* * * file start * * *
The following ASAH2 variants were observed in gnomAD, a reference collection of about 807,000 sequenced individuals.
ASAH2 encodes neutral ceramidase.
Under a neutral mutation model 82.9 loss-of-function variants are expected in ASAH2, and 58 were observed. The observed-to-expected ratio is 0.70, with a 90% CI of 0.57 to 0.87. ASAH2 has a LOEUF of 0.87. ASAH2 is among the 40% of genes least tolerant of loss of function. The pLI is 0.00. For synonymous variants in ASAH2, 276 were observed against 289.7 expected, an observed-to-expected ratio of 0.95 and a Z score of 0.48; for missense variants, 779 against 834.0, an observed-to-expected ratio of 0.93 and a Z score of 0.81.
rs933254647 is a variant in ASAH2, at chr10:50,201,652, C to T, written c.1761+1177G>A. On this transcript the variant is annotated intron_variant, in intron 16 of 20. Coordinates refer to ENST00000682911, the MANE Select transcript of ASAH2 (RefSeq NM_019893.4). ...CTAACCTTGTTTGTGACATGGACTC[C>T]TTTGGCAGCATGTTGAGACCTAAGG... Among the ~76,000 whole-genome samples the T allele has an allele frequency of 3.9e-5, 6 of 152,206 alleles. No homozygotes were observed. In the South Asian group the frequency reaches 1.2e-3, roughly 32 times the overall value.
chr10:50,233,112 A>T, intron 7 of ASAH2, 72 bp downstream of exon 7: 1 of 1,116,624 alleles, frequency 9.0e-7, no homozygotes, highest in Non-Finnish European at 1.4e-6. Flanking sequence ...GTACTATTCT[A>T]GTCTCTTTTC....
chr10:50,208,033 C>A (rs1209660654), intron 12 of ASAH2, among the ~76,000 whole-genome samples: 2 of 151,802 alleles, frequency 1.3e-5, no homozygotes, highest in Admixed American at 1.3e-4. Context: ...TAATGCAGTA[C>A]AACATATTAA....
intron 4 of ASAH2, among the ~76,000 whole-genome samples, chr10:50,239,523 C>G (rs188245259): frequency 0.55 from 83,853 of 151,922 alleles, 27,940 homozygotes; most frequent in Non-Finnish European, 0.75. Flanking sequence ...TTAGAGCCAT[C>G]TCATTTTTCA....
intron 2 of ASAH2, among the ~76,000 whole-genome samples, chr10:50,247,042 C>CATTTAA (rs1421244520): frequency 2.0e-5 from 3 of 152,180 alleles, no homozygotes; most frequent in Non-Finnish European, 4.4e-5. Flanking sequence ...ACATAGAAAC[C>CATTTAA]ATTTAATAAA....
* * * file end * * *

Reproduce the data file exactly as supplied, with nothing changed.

The following ASAH2 variants were observed in gnomAD, a reference collection of about 807,000 sequenced individuals.
ASAH2 encodes neutral ceramidase.
Under a neutral mutation model 82.9 loss-of-function variants are expected in ASAH2, and 58 were observed. The observed-to-expected ratio is 0.70, with a 90% CI of 0.57 to 0.87. ASAH2 has a LOEUF of 0.87. ASAH2 is among the 40% of genes least tolerant of loss of function. The pLI is 0.00. For synonymous variants in ASAH2, 276 were observed against 289.7 expected, an observed-to-expected ratio of 0.95 and a Z score of 0.48; for missense variants, 779 against 834.0, an observed-to-expected ratio of 0.93 and a Z score of 0.81.
rs933254647 is a variant in ASAH2, at chr10:50,201,652, C to T, written c.1761+1177G>A. On this transcript the variant is annotated intron_variant, in intron 16 of 20. Coordinates refer to ENST00000682911, the MANE Select transcript of ASAH2 (RefSeq NM_019893.4). ...CTAACCTTGTTTGTGACATGGACTC[C>T]TTTGGCAGCATGTTGAGACCTAAGG... Among the ~76,000 whole-genome samples the T allele has an allele frequency of 3.9e-5, 6 of 152,206 alleles. No homozygotes were observed. In the South Asian group the frequency reaches 1.2e-3, roughly 32 times the overall value.
chr10:50,233,112 A>T, intron 7 of ASAH2, 72 bp downstream of exon 7: 1 of 1,116,624 alleles, frequency 9.0e-7, no homozygotes, highest in Non-Finnish European at 1.4e-6. Flanking sequence ...GTACTATTCT[A>T]GTCTCTTTTC....
chr10:50,208,033 C>A (rs1209660654), intron 12 of ASAH2, among the ~76,000 whole-genome samples: 2 of 151,802 alleles, frequency 1.3e-5, no homozygotes, highest in Admixed American at 1.3e-4. Context: ...TAATGCAGTA[C>A]AACATATTAA....
intron 4 of ASAH2, among the ~76,000 whole-genome samples, chr10:50,239,523 C>G (rs188245259): frequency 0.55 from 83,853 of 151,922 alleles, 27,940 homozygotes; most frequent in Non-Finnish European, 0.75. Flanking sequence ...TTAGAGCCAT[C>G]TCATTTTTCA....
intron 2 of ASAH2, among the ~76,000 whole-genome samples, chr10:50,247,042 C>CATTTAA (rs1421244520): frequency 2.0e-5 from 3 of 152,180 alleles, no homozygotes; most frequent in Non-Finnish European, 4.4e-5. Flanking sequence ...ACATAGAAAC[C>CATTTAA]ATTTAATAAA....